As the wording of section 81A shows, the grounds on which the Court of Appeal may interfere with a sentence passed by a lower court are restricted to the four grounds specified, namely that it is (i) not authorised by law, (ii) wrong in principle, (iii) manifestly excessive, or (iv) manifestly inadequate. If any of these grounds exists, the original sentence may be set aside, increased or reduced. Plainly, therefore, a review of sentence may be either advantageous or disadvantageous to the respondent to the application.
“A sentence is unduly lenient, we would hold, where it falls outside the range of sentences which the judge, applying his mind to all the relevant factors, could reasonably consider appropriate. In that connection regard must of course be had to reported cases, and in particular to the guidance given by this court from time to time in the so-called guideline cases. However it must always be remembered that sentencing is an art rather than a science; that the trial judge is particularly well placed to assess the weight to be given to various competing considerations; and that leniency is not in itself a vice. That mercy should season justice is a proposition as soundly based in law as it is in literature.”
In A Theory of Justice (revised Edition, 1999) at p.320, John Rawls defined civil disobedience “as a public, nonviolent, conscientious yet political act contrary to law usually done with the aim of bringing about a change in the law or policies of the government”. To conform to civil disobedience as generally understood, therefore, the action carried out must be peaceful and non-violent. An expectation of punishment is also inherent in the act of civil disobedience since it is by accepting the punishment that the protester seeks to draw attention to the alleged injustice against which he is demonstrating. As Lord Hoffmann observed, in R v Jones (Margaret) (supra) at :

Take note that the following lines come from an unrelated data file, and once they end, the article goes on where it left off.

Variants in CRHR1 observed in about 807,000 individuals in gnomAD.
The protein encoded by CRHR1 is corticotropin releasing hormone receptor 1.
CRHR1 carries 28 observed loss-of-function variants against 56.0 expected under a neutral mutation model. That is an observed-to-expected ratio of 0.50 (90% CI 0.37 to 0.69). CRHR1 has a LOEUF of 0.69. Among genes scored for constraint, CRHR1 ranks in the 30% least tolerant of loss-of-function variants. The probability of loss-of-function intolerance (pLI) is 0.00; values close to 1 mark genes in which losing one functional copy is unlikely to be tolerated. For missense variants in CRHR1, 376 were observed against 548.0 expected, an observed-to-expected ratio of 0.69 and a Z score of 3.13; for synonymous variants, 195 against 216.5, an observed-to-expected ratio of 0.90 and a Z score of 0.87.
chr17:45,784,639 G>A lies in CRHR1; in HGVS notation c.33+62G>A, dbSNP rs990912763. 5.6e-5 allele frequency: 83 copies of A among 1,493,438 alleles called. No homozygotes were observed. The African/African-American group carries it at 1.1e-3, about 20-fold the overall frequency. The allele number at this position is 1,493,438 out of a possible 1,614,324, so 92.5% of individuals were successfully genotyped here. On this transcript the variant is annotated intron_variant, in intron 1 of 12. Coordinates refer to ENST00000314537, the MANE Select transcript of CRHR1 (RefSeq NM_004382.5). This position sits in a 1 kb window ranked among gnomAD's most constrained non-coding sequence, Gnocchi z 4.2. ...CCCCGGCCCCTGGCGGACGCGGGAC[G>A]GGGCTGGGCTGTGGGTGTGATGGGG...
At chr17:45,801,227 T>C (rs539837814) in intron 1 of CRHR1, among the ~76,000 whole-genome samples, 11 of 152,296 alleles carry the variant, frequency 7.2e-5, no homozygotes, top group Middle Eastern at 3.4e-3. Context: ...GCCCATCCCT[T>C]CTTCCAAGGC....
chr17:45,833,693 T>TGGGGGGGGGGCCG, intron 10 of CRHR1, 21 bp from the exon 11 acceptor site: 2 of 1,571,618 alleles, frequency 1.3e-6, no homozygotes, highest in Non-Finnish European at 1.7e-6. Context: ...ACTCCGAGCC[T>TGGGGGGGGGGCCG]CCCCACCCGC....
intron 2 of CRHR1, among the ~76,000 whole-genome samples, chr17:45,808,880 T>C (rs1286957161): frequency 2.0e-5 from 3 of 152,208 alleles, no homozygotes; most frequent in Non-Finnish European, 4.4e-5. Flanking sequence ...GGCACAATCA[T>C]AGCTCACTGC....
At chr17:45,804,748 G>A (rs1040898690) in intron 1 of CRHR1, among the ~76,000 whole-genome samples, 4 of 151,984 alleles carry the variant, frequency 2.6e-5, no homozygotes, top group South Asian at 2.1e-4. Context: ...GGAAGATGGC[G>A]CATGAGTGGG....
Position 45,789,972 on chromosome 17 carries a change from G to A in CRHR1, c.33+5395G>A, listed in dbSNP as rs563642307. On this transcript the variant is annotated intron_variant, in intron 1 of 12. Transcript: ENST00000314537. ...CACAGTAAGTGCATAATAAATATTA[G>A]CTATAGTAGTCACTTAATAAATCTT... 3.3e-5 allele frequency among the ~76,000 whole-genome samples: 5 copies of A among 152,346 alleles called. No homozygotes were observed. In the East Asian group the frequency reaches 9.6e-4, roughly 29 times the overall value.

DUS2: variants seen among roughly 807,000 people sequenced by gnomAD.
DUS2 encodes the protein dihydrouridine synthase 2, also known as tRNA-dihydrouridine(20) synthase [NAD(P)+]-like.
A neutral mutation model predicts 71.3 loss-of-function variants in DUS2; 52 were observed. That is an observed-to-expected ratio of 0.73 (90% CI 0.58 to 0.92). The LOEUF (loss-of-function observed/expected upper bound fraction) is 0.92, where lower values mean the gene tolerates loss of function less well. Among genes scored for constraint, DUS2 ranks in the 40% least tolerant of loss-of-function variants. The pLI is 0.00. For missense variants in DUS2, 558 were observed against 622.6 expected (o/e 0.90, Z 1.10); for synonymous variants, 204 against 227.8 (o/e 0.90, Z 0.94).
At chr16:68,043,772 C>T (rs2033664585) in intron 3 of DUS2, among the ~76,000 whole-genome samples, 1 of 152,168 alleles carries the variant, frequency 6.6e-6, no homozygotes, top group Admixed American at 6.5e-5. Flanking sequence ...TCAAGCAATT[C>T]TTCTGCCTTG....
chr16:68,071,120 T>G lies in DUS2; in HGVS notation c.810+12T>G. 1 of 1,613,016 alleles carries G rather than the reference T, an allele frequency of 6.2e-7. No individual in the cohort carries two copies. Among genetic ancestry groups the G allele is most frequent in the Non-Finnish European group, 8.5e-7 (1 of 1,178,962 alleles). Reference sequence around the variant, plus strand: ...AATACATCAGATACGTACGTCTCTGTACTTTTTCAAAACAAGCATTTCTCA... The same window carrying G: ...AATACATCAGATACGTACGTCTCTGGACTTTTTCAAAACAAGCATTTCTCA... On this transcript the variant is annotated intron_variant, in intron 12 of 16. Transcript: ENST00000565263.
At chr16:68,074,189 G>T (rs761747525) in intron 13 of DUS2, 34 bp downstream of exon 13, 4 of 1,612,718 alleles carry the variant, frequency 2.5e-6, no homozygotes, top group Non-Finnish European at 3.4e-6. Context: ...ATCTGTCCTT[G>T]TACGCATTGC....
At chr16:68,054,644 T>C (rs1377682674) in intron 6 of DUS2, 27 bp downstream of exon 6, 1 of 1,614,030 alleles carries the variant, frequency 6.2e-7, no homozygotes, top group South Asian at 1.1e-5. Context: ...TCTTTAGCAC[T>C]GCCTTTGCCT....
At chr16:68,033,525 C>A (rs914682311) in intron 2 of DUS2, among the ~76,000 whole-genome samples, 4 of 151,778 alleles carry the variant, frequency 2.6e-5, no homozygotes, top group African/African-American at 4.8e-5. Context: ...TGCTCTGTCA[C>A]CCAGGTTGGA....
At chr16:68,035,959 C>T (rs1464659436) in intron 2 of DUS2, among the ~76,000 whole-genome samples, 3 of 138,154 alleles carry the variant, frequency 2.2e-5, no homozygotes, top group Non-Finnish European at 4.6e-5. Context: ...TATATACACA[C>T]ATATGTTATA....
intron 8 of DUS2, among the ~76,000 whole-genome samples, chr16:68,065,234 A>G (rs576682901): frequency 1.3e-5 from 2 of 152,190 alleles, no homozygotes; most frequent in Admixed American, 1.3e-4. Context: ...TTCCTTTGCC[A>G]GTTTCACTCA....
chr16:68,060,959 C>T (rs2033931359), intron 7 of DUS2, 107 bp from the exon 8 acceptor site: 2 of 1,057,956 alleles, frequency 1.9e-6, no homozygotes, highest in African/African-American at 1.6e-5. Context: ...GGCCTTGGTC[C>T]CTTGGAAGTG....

“But there are conventions which are generally accepted by the law-breakers on one side and the law-enforcers on the other. The protesters behave with a sense of proportion and do not cause excessive damage or inconvenience. And they vouch the sincerity of their beliefs by accepting the penalties imposed by the law.”
“… As judges we would respect their views but might feel it necessary to punish them all the same. Whether we did so or not would be largely a pragmatic question. We would take into account their moral views but would not accept an unqualified moral duty to give way to them. On the contrary we might feel that although we sympathised and even shared the same opinions, we had to give greater weight to the need to enforce the law. In deciding whether or not to impose punishment, the most important consideration would be whether it would do more harm than good. This means that the objector has no right not to be punished. It is a matter for the state (including the judges) to decide on utilitarian grounds whether to do so or not. As Ronald Dworkin said in A Matter of Principle (1985), at p 114: ‘Utilitarianism may be a poor general theory of justice, but it states an excellent necessary condition for a just punishment’.”
而上訴庭列出、終審法院認同的八項「帶暴力成份的非法集會（unlawful assembly involving violence）」判刑考慮因素為（第121段）：
“(1) Whether the violent acts were spontaneous or premeditated; if it was the latter, how detailed and precise the plan was;
(2) The number of people involved in the violent acts;
(3) The degree of violence, including whether weapons were used and, if so, what kind and quantity of weapons;